Liquid, like any template engine, is very close to a regular programming language (it has variables, conditionals, loops, etc.). Every page is like it’s own program that gets interpreted to produce the corresponding output file.

Let’s say you use a conditional to check if a variable is a number, and do some number related things with your variable if it is (stuff that would be invalid to do with any other type, such as comparing it with another number)

What if you have a syntax error in the conditional? The interpreter cannot tell what you intended to check for, and is then given the choice between :

  • Always skipping what’s inside the conditional (but then what if there is an else case, do we skip it as well?)
  • Always entering the condition, potentially producing errors that would not happen if the if tag did not have syntax error in the first place (what happens if there is an else ?)
  • Stop processing the file immediately and report the error

If you look at any programming language, it is generally not possible to keep the execution going after an error happens, and you always have to fix the reported error so that the interpreter can find the next error.

If my answer meets your requirements, can you mark the thread as solved please?

When running the Jekyll build command, any syntax errors encountered in the Markdown files will cause the compilation process to halt. To obtain information about failures in all the MD files, you can use a loop or a script to iterate over each file and handle the errors individually. Here’s a general approach:

  1. Iterate Over MD Files: Write a script or use a loop (depending on your preferred programming language) to iterate over each Markdown file in the folder.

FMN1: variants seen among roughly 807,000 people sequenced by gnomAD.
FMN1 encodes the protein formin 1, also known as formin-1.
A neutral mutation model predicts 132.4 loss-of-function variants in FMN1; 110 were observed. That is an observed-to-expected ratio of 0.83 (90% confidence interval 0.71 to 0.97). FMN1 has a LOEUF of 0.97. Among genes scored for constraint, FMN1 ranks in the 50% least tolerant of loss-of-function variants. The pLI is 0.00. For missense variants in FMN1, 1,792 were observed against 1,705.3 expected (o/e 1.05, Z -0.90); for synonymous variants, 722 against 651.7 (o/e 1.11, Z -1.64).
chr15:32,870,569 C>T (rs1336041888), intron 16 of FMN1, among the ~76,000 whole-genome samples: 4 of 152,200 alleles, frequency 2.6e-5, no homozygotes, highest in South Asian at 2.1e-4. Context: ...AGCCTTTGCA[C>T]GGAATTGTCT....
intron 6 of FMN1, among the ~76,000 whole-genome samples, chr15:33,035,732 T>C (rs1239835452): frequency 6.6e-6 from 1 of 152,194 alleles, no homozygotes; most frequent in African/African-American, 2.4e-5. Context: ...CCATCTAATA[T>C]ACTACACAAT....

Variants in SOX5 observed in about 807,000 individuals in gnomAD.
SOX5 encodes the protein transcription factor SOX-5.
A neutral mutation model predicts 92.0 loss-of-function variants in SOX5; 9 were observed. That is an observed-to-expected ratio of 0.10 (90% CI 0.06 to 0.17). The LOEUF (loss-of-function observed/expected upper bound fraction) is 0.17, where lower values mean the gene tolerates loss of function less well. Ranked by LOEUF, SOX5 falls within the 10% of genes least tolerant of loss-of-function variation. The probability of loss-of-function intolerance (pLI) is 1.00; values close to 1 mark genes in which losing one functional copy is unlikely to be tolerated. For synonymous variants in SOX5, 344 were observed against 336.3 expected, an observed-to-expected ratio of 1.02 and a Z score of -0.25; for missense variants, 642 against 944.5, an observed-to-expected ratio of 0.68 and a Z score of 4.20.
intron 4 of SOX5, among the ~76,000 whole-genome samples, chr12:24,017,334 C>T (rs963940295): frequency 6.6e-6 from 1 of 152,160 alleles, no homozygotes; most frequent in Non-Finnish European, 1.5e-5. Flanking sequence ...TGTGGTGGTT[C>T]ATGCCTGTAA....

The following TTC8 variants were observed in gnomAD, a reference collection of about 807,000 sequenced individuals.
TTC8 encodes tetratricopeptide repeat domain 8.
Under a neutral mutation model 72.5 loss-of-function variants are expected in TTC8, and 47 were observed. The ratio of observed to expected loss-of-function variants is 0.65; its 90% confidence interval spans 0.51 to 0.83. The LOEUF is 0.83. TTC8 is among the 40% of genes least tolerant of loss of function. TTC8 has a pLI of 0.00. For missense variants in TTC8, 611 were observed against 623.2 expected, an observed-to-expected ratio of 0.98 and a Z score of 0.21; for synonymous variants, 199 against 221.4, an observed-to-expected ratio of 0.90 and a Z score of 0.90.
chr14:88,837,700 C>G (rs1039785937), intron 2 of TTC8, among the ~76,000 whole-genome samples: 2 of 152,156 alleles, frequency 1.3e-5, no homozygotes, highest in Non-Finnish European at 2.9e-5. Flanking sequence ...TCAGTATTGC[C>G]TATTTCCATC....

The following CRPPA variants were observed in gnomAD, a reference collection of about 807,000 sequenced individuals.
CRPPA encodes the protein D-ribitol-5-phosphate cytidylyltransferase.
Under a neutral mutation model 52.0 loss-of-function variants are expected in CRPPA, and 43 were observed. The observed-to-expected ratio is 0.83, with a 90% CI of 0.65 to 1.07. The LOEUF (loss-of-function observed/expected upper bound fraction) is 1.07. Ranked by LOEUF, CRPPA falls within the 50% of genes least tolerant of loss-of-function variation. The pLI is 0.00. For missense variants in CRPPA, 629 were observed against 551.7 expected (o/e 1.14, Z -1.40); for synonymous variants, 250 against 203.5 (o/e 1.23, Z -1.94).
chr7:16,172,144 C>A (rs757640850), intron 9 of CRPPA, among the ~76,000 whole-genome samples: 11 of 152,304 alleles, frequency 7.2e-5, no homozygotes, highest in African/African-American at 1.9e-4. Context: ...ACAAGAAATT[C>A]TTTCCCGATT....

2. Execute Jekyll Build Command: For each file, execute the Jekyll build command individually, passing the file as an argument. This way, even if one file encounters an error, it won’t stop the process for the remaining files.
  3. Capture and Log Errors: After executing the Jekyll build command for each file, capture any error messages or output generated by the process. You can redirect the error messages to a log file or store them in a data structure for further processing.

Here’s a simple example using Bash scripting:

bashCopy code



for file in path/to/md/files/*.md; do
  jekyll build "$file" 2>> "$log_file"

In this example, replace "path/to/md/files/*.md" with the actual path to your Markdown files. The 2>> notation redirects the error messages (stream 2) to the specified log file (error_log.txt).

After running this script, you can examine the error_log.txt file to see the syntax errors encountered during the Jekyll build process for each file. This approach allows you to obtain information about failures in all the MD files without the compilation process getting stopped by a single error.

Note that you can adapt this approach to your preferred programming language if you’d like to handle the process differently or incorporate additional logic.

Hi @hassanizhar ,

Thanks for your suggestion.

But I have already tried this way. But we could not build the single file using Jekyll.

Please find the reference below.


Please let me know any other suggestions.

Poovarasan K

Please do not use ChatGPT as a reference. While in this case, it seems to be telling the truth, ChatGPT is NOT a reliable source for anything factual.
One small other thing is that you should never post text as a screenshot. This can be very annoying to read on different screen sizes, does not get indexed by search engines, and does not let us copy-paste from it.

Besides, you marked your own message which does not solve the issue as a solution to the thread…

Follow the below points to obtain information about failures in all the Markdown (MD) files when using Jekyll:

1- Run the Jekyll build command in the terminal: jekyll build 2> errors.log.
2- This command redirects error messages to a file named “errors.log”.
3- Check the “errors.log” file to view the captured errors: cat errors.log.
4- The file will contain details of the failures, including the syntax error encountered in the third MD file.
5- Review and analyze the error messages to troubleshoot the issues.
6- Logging errors to a file allows you to gather information without the build process being stopped.